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Re: Bone machining

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  • Re: Bone machining

    Except for the mess involved in the machining, there is not much more
    difficulty in cutting bone compared to other materials, such as wood,
    plastics or metals. The two important things to keep in mind are:
    1. don't let the specimens dry out during the machining; and
    2. don't let the specimens get too hot.

    Point 1 can be handled be keeping the bone pieces under a constant stream
    of saline - this is where the mess comes from. Bone dust mixed with
    saline is difficult to clean from machine tools, e.g., a mill. In
    addition, the saline bath tends to rust the machine tool. Because of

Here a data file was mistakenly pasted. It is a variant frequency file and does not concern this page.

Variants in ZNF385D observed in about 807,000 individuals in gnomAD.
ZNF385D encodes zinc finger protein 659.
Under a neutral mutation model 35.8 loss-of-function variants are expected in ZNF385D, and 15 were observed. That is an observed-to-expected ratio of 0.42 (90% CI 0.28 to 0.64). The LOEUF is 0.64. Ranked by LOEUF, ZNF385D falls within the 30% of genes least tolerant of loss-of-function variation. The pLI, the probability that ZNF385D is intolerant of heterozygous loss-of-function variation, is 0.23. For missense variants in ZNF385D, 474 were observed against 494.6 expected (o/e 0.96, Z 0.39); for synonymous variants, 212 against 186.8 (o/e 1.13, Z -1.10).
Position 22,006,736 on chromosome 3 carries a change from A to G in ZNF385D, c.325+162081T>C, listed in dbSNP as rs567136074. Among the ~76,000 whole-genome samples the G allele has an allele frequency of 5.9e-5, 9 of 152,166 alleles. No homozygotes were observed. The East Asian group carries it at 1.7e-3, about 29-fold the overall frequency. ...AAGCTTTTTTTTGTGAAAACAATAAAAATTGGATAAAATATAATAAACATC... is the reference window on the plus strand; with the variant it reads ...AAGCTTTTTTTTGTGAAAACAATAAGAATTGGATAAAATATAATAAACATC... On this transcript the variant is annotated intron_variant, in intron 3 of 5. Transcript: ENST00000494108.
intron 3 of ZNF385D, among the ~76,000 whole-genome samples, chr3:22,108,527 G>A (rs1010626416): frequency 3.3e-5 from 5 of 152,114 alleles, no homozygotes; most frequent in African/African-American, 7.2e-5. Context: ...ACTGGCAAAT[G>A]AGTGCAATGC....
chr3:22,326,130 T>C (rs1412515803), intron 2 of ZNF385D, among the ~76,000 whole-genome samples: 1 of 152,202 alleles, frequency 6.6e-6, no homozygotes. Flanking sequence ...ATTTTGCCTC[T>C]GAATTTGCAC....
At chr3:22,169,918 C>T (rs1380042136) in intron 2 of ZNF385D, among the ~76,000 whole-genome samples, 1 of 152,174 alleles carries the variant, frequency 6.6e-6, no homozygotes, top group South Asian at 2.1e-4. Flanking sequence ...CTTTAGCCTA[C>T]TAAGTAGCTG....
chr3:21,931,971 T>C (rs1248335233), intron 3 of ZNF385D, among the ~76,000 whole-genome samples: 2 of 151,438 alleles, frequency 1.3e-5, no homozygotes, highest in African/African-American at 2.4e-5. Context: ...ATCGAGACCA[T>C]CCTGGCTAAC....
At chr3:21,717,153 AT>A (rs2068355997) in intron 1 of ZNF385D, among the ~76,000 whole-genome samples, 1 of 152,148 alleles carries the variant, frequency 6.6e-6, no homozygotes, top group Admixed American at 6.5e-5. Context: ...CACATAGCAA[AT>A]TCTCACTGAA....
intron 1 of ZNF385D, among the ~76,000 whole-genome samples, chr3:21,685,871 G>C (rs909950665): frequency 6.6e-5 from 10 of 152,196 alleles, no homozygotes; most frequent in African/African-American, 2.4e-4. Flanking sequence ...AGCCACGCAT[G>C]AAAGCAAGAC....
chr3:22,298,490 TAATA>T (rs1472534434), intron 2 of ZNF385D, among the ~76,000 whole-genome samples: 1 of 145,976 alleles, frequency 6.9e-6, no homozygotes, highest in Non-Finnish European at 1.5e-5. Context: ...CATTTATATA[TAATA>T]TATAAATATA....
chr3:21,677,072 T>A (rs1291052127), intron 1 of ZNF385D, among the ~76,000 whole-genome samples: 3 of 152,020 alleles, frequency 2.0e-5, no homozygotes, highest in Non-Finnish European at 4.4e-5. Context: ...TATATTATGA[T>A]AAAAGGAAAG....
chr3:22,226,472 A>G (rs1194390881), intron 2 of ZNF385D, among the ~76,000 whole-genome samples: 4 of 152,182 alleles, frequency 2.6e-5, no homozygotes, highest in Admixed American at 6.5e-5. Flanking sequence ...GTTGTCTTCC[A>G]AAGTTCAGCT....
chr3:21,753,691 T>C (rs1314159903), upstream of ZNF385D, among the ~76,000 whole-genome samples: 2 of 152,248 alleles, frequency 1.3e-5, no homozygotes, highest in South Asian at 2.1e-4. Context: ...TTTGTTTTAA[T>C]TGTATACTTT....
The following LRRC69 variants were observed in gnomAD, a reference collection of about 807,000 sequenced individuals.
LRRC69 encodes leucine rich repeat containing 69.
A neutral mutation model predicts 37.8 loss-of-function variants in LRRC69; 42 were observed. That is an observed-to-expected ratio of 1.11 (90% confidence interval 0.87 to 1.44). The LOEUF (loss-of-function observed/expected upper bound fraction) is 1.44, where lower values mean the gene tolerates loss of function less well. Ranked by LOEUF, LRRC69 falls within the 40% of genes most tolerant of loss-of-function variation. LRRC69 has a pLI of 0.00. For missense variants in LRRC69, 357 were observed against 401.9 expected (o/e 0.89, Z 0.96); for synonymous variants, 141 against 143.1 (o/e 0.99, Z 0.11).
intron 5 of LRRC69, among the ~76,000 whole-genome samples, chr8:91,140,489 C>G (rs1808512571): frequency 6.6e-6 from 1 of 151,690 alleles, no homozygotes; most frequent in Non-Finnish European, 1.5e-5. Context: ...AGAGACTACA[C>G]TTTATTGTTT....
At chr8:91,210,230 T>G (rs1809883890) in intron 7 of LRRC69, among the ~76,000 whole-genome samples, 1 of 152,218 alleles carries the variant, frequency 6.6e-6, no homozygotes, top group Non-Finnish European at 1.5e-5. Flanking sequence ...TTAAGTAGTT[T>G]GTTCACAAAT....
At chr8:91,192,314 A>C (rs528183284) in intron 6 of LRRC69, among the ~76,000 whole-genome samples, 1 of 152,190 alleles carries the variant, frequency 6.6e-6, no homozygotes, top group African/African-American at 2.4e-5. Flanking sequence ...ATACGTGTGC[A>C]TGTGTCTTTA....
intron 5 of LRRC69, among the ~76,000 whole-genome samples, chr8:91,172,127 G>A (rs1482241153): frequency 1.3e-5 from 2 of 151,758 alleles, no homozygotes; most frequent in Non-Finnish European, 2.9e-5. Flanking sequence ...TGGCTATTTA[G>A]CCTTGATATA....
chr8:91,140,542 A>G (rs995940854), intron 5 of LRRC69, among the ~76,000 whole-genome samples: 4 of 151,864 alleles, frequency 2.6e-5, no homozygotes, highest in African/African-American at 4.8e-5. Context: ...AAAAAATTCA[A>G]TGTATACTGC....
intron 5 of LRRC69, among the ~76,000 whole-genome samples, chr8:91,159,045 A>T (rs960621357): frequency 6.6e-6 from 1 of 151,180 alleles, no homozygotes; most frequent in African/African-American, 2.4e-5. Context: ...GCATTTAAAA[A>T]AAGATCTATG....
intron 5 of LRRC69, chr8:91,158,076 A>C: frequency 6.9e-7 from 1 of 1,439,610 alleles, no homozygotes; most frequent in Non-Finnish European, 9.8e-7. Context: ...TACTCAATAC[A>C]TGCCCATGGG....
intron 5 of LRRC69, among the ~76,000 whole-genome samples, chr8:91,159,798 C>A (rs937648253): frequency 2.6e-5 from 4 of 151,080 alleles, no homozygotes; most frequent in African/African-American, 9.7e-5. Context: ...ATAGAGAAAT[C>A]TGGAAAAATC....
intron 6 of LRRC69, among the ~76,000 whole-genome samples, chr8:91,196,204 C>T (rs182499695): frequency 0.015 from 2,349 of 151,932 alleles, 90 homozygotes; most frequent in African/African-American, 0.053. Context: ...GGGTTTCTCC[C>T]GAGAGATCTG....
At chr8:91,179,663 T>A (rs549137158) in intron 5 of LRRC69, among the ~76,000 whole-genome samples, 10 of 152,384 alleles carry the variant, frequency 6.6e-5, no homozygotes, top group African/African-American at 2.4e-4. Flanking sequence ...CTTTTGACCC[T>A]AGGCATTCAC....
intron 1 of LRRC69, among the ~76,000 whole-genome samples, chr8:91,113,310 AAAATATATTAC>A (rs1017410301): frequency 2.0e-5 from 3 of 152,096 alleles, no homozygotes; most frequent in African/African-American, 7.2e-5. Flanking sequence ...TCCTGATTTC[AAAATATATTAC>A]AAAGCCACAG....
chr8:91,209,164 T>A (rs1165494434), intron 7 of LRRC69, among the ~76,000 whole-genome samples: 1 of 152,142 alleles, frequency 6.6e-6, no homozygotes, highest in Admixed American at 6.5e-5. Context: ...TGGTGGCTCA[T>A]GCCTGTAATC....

theis, it is a good idea to put a very good coating of protective
    lubricant on the machine and clean off all saline and bone dust as soon
    as possible. Don't place any lubricant or cutting fluid on the bone
    specimens - the saline is the cutting fluid.

    Point 2 can also be covered by the saline stream since it will help to
    dissipate the heat generated by cutting. I have also machined bone that
    was frozen. This gives you a slightly longer time before the bone heats
    up and, if you're quick and/or not doing alot of machining, the bone
    won't have a chance to fully thaw. This allows you to reduce the number
    of freeze/thaw cycles that the specimens are subjected to.

    I'm not aware of any papers which specifically discuss bone specimen
    machining. I learned the same way that those who taught me did - from
    someone else who has done it.

    I hope this information helps.

    Aric Kaiser